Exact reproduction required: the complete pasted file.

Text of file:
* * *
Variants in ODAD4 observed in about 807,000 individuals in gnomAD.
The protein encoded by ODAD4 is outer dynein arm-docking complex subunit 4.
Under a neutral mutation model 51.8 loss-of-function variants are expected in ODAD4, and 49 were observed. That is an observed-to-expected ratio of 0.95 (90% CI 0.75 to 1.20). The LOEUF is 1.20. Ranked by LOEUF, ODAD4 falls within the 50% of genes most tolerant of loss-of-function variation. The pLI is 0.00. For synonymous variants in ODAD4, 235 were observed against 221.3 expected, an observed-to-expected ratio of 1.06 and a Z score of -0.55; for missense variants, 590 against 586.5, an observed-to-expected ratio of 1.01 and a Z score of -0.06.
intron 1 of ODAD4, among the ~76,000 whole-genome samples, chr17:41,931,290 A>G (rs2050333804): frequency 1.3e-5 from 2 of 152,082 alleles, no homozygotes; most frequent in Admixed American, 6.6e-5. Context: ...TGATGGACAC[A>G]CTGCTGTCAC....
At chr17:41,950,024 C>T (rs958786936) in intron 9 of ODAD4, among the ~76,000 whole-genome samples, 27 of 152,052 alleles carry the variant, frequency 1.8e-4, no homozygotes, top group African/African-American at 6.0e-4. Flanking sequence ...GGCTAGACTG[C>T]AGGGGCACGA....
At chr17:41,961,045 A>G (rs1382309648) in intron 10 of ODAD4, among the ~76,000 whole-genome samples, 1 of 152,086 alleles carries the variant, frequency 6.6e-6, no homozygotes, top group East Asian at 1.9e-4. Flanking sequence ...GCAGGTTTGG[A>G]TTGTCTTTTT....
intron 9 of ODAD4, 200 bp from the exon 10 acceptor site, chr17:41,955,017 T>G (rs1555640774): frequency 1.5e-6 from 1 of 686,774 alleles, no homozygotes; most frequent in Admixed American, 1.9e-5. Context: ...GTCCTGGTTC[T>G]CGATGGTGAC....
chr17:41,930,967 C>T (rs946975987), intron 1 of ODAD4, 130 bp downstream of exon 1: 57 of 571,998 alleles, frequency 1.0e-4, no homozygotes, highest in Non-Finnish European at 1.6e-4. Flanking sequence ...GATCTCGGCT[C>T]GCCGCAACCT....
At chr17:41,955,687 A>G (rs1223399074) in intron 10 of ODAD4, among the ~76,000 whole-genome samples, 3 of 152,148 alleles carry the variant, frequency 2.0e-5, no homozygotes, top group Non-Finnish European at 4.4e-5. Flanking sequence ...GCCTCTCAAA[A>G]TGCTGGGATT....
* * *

Variants in ODAD4 observed in about 807,000 individuals in gnomAD.
The protein encoded by ODAD4 is outer dynein arm-docking complex subunit 4.
Under a neutral mutation model 51.8 loss-of-function variants are expected in ODAD4, and 49 were observed. That is an observed-to-expected ratio of 0.95 (90% CI 0.75 to 1.20). The LOEUF is 1.20. Ranked by LOEUF, ODAD4 falls within the 50% of genes most tolerant of loss-of-function variation. The pLI is 0.00. For synonymous variants in ODAD4, 235 were observed against 221.3 expected, an observed-to-expected ratio of 1.06 and a Z score of -0.55; for missense variants, 590 against 586.5, an observed-to-expected ratio of 1.01 and a Z score of -0.06.
intron 1 of ODAD4, among the ~76,000 whole-genome samples, chr17:41,931,290 A>G (rs2050333804): frequency 1.3e-5 from 2 of 152,082 alleles, no homozygotes; most frequent in Admixed American, 6.6e-5. Context: ...TGATGGACAC[A>G]CTGCTGTCAC....
At chr17:41,950,024 C>T (rs958786936) in intron 9 of ODAD4, among the ~76,000 whole-genome samples, 27 of 152,052 alleles carry the variant, frequency 1.8e-4, no homozygotes, top group African/African-American at 6.0e-4. Flanking sequence ...GGCTAGACTG[C>T]AGGGGCACGA....
At chr17:41,961,045 A>G (rs1382309648) in intron 10 of ODAD4, among the ~76,000 whole-genome samples, 1 of 152,086 alleles carries the variant, frequency 6.6e-6, no homozygotes, top group East Asian at 1.9e-4. Flanking sequence ...GCAGGTTTGG[A>G]TTGTCTTTTT....
intron 9 of ODAD4, 200 bp from the exon 10 acceptor site, chr17:41,955,017 T>G (rs1555640774): frequency 1.5e-6 from 1 of 686,774 alleles, no homozygotes; most frequent in Admixed American, 1.9e-5. Context: ...GTCCTGGTTC[T>G]CGATGGTGAC....
chr17:41,930,967 C>T (rs946975987), intron 1 of ODAD4, 130 bp downstream of exon 1: 57 of 571,998 alleles, frequency 1.0e-4, no homozygotes, highest in Non-Finnish European at 1.6e-4. Flanking sequence ...GATCTCGGCT[C>T]GCCGCAACCT....
At chr17:41,955,687 A>G (rs1223399074) in intron 10 of ODAD4, among the ~76,000 whole-genome samples, 3 of 152,148 alleles carry the variant, frequency 2.0e-5, no homozygotes, top group Non-Finnish European at 4.4e-5. Flanking sequence ...GCCTCTCAAA[A>G]TGCTGGGATT....